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Houthis’ Red Sea Blockade Makes Russia’s Northern Sea Route Attractive to Desperate West

© Photo : arctic.ruArctic economy
Arctic economy - Sputnik International, 1920, 01.06.2024
Shipping costs through the Red Sea have spiked by over 250 percent since Yemen’s Houthi militia began its partial blockade of the region last November. Shipbrokers estimate that commercial tonnage passing through the Gulf of Aden has dropped by over 60 percent in that time, with some shipments, such as LNG, dropping to zero.
With the US and Britain proving unable to dislodge the Houthis from their strongholds or stop the militia from attacking Israeli-linked, American, and British vessels in the Red and Arabian Seas, commercial shippers have increasingly eyed Russia’s Northern Sea Route as an attractive potential alternative, a leading mainstream US news magazine has reported.

“The surging costs and fear of getting hit by Houthi drones and missiles have led some shippers to consider the Arctic as an alternative, as melting ice begins opening new potential on the so-called Northern Sea Route,” Foreign Policy wrote.

The article "discovered" what Russian officials and media have been saying for years – that the roughly 5,600 km Northern Sea Route is the shortest maritime route between Europe and Asia, and can shave 8,000 km or more of distance, and 40-60 percent in time, off shipments, compared to traditional Europe-Asia routes via the currently troubled waters in the Middle East.
“The ability to slash some 5,000 miles off a ship’s journey would mean much faster travel times – a major plus in today’s world of online retail and next-day delivery,” FP said.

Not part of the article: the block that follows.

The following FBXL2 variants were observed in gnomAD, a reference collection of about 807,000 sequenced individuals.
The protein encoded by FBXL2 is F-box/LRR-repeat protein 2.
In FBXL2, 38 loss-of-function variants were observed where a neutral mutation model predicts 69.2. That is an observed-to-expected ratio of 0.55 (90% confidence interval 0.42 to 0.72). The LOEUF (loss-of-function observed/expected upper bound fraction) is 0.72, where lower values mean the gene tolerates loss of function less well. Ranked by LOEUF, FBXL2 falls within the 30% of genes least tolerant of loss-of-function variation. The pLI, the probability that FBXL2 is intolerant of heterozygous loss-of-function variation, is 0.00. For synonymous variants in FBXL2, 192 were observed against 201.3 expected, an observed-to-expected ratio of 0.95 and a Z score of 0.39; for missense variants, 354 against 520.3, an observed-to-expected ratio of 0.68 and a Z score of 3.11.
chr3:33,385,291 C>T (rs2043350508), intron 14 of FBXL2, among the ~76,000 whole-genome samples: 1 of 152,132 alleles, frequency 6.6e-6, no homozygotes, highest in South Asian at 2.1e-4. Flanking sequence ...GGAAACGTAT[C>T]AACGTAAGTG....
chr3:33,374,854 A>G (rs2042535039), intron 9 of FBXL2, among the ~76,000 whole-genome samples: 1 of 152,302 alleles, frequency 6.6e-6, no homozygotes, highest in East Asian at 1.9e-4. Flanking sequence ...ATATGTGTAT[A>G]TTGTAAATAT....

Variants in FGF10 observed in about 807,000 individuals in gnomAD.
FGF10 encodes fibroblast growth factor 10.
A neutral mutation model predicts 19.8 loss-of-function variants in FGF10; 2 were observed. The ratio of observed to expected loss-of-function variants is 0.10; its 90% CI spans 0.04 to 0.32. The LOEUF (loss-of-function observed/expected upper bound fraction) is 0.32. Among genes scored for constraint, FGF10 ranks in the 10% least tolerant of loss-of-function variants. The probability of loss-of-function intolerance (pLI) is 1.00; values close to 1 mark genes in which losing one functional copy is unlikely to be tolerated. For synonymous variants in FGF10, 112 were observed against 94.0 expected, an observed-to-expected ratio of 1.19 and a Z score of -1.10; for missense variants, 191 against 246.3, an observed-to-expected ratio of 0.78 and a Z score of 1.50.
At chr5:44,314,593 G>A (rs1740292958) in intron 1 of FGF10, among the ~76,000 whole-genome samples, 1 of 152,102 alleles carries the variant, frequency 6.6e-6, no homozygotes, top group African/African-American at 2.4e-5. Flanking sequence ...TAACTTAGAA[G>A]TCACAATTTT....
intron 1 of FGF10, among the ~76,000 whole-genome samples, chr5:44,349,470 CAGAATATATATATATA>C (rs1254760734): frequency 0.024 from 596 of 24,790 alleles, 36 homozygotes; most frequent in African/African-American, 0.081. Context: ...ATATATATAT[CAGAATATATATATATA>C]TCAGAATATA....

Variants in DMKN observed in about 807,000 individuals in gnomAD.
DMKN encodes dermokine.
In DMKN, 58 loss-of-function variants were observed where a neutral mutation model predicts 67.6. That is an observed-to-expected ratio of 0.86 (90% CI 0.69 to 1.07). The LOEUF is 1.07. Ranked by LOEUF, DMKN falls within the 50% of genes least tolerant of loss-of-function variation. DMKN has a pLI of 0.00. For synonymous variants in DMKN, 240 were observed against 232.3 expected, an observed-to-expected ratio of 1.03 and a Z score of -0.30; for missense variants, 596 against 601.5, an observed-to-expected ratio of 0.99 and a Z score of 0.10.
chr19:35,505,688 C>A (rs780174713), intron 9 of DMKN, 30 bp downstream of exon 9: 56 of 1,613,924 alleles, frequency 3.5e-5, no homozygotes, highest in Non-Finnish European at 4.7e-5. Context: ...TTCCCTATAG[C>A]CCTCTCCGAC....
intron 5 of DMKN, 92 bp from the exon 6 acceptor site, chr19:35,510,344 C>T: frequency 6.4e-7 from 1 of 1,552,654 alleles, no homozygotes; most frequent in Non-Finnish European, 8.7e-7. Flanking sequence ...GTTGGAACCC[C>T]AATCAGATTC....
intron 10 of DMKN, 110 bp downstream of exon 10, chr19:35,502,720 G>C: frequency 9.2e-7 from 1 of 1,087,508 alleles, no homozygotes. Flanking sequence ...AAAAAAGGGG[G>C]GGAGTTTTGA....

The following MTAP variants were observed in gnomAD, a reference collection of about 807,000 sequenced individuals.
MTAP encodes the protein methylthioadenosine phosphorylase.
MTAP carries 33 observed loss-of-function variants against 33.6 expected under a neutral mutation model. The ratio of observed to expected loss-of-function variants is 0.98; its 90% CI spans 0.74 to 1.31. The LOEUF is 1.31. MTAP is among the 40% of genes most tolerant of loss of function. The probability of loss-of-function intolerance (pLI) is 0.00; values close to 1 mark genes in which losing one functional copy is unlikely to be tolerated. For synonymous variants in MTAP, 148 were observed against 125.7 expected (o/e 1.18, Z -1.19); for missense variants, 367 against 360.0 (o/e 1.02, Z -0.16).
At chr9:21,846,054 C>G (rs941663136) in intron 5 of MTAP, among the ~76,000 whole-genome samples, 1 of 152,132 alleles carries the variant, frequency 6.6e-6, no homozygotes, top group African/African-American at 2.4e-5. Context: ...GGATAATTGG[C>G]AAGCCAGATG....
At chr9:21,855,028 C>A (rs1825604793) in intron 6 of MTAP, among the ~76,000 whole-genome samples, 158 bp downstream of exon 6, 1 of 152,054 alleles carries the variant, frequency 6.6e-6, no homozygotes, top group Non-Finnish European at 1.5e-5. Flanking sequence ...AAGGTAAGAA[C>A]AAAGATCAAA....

Sovcomflot LNG ship Christophe de Margerie and Russian icebreaker 50 Let Pobedy traverse the Northern Sea Route in February 2021, the first commercial cargo vessel to do so - Sputnik International, 1920, 23.05.2024
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Unfortunately, the magazine lamented, there’s a catch: 70 percent of the Arctic, including virtually the entire length of the Arctic portion of the route, passes through Russian waters. “Ships wanting to use the route must secure the Russians’ permission and pay them transit fees. Given current relations between many Western countries and Russia amid the Ukraine war, that poses an obvious challenge.”
Lobbyists opposed to the ambitious Russian shipping route also cited other potential issues, from shallow local waters and cold Arctic winters to floating ice and the remoteness of much of the route, to try to make the Northern Sea Route look less attractive – ignoring the array of actions undertaken by Russia in recent years to address these and other concerns. This includes the equivalent of billions of dollars in investments into 16 deep-water ports and 14 airfields, regional air defense and search and rescue infrastructure, Internet communications infrastructure via new satellites in geostationary orbits, a burgeoning fleet of new heavy icebreakers, etc.
Russia plans to increase the tonnage of cargoes shipped through the Northern Sea Route to 80 million tons by 2024, and some 270 million tons annually by 2035. Once fully functional, it will give Russia the chance to become a major player in the transit of trillions of dollars in trade annually, and ease the development and exploitation of Russian territories in the Far North – including vast, untapped energy and rare mineral reserves.
The United States has expressed displeasure over Russia’s control of the Arctic, threatening to expand "freedom of navigation" missions in Russian Arctic waters, but facing problems doing so owing to the sorry state of its fleet of Arctic-class ships and lack of infrastructure. Russia accounted for the Northern Sea Route in the 2022 amendment to its naval doctrine, naming it as one of six strategic priority directions for strengthening “its position among leading global naval powers.”
Map of the Arctic region showing the Northeast Passage, the Northern Sea Route and Northwest Passage - Sputnik International, 1920, 05.06.2023
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